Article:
Locomotive fire prompts evacuation scare - KTVQ.com | Q2 | Continuous News Coverage | Billings, MT


Locomotive fire prompts evacuation scare

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CLINTON - A  flaming train engine prompted the Clinton Rural Fire District to consider evacuating the town.

“I came around the corner and I just saw the big flames sticking up from the exhaust," said Clinton resident Jeff Ritenour. "So I actually turned around and went back to the school in case there is an explosion. I just thought this could be ugly.”

Ritenour and his family live directly across the tracks where flames were shooting out the top of the engine car. Emergency responders arrived on scene just after 4 p.m. on Sunday and realized the train was carrying oil tankers.

Clinton Rural Fire Chief Brian Vibbert said that if the crews could separate the cars from the engine they were preparing to evacuate the town.

“We might not have even had enough water to put out an engine fire, " said Chief Vibbert. "Our priority would have been getting the Clinton people out but… judging by the distance between the track in the houses it really would have been an inconvenience for the homeowners but something we were evaluating.”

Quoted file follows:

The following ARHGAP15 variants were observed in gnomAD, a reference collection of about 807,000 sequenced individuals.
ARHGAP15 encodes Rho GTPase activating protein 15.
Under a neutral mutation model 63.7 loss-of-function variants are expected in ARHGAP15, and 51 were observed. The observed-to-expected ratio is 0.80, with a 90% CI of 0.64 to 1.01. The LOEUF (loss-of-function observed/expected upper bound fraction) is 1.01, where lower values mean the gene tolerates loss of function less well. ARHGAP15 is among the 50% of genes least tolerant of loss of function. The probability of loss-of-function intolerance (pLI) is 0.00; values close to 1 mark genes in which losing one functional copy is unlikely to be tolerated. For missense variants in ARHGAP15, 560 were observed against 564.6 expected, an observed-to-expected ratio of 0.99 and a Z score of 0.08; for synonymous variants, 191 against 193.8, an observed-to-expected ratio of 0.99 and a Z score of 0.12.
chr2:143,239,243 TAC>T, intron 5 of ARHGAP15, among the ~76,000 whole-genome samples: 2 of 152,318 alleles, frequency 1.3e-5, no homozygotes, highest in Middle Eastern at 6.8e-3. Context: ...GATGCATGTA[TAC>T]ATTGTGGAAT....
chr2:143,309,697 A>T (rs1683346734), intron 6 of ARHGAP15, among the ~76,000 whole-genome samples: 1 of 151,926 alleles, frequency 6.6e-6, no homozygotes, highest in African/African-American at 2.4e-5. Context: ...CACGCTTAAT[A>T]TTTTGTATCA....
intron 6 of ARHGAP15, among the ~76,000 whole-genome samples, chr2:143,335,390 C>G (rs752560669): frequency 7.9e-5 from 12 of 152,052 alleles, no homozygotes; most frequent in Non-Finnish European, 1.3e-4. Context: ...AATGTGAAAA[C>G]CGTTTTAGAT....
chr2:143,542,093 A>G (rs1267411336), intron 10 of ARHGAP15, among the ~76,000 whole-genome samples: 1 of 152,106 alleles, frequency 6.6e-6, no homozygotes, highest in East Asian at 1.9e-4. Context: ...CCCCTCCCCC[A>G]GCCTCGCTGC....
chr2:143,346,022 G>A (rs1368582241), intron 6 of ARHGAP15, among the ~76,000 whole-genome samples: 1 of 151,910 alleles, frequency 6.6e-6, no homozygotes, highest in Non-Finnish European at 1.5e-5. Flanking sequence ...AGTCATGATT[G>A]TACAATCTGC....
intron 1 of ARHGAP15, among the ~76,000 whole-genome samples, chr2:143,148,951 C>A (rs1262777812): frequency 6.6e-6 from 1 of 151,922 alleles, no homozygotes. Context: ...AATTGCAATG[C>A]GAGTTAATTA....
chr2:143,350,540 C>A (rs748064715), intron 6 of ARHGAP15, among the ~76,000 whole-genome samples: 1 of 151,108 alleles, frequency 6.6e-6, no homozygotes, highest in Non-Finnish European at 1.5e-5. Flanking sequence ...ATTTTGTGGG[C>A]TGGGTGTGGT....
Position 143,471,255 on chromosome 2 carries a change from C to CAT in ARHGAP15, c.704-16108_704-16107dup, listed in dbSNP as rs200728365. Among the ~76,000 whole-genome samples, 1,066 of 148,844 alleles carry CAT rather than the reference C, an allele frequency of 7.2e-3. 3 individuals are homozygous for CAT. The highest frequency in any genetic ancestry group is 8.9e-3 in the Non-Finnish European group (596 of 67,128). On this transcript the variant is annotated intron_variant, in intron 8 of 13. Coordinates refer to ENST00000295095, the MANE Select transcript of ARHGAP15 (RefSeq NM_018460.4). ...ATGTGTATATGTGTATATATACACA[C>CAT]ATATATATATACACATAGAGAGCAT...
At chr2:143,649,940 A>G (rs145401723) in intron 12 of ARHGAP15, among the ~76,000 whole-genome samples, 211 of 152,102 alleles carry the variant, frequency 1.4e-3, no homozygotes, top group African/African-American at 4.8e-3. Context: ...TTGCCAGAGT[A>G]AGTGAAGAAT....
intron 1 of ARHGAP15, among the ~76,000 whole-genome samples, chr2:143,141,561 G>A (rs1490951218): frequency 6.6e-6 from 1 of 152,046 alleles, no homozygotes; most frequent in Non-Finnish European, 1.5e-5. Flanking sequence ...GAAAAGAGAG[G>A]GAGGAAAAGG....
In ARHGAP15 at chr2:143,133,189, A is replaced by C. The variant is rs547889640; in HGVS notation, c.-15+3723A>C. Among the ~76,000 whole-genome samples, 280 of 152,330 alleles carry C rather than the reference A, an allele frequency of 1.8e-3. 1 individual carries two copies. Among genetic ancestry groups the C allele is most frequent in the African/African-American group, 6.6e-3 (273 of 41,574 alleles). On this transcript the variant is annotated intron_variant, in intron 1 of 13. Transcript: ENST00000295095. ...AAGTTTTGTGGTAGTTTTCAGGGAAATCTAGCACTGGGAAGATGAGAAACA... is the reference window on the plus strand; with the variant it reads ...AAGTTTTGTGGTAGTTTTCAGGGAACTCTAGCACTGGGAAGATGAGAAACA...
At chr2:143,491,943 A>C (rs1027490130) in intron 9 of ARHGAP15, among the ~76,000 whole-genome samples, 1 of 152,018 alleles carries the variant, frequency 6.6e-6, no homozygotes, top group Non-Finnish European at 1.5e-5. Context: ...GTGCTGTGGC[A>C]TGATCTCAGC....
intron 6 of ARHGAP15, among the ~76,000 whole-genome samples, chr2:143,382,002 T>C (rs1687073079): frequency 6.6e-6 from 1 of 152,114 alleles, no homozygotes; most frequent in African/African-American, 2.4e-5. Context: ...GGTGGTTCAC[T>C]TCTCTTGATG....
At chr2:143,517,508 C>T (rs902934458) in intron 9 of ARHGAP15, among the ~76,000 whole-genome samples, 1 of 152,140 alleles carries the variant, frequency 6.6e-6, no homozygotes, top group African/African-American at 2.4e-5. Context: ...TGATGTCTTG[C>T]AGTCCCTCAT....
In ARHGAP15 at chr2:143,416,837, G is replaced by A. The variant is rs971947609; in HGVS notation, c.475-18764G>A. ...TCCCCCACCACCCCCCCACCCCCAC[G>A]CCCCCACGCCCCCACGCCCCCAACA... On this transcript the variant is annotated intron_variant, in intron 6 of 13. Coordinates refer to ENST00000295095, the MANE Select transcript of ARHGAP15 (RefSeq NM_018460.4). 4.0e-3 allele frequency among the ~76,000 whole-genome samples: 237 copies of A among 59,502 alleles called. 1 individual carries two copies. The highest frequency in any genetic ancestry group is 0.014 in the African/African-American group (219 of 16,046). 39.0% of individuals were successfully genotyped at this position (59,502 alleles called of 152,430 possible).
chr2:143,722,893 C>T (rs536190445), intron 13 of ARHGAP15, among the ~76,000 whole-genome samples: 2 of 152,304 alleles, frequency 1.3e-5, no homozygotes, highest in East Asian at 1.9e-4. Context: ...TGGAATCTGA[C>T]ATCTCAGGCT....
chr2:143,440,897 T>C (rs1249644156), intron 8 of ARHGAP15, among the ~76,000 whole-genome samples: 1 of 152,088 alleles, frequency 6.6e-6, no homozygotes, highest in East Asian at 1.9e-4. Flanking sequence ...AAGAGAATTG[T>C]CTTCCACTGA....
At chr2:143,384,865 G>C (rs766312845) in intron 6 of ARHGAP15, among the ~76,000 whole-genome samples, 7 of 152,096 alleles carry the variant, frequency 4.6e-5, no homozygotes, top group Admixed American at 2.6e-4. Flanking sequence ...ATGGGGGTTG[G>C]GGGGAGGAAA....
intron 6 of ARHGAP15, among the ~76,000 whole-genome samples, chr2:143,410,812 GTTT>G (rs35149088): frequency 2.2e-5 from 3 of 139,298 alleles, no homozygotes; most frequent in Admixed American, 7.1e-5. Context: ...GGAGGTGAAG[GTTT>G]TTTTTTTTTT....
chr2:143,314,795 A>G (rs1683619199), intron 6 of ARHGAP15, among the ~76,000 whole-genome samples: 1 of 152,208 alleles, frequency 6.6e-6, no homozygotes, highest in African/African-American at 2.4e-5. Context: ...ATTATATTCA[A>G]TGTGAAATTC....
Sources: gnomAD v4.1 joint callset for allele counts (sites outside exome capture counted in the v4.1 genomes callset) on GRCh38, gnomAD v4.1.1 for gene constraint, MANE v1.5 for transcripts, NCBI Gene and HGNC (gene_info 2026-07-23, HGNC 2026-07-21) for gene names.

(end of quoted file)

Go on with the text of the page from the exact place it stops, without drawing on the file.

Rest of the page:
Crews maintained their distance from the fire while trying to suppress the flames and Montana Rail Link was able to detach the oil tankers from the engine, which made an evacuation necessary. 

It was later discovered that the oil tanks were empty, but the burning engine was attached to its fuel supply, which would have threatened homes in the immediate vicinity. 

“Initially, flames were judged to be 15' high, the engine is attached to an oil tanker car...[then] come multiple oil cars, we were told that they were empty," Vibbert said. 

"MRL was already on scene upon our arrival, we deployed hoses, we sprayed water on the car behind the engine and the fire slowly burned itself out. We never did put any water on the engine itself. Mostly because we didn't wanna get too close.”

MRL dispatched an investigator to determine the cause of ignition, while crews stayed on scene to monitor temperatures.

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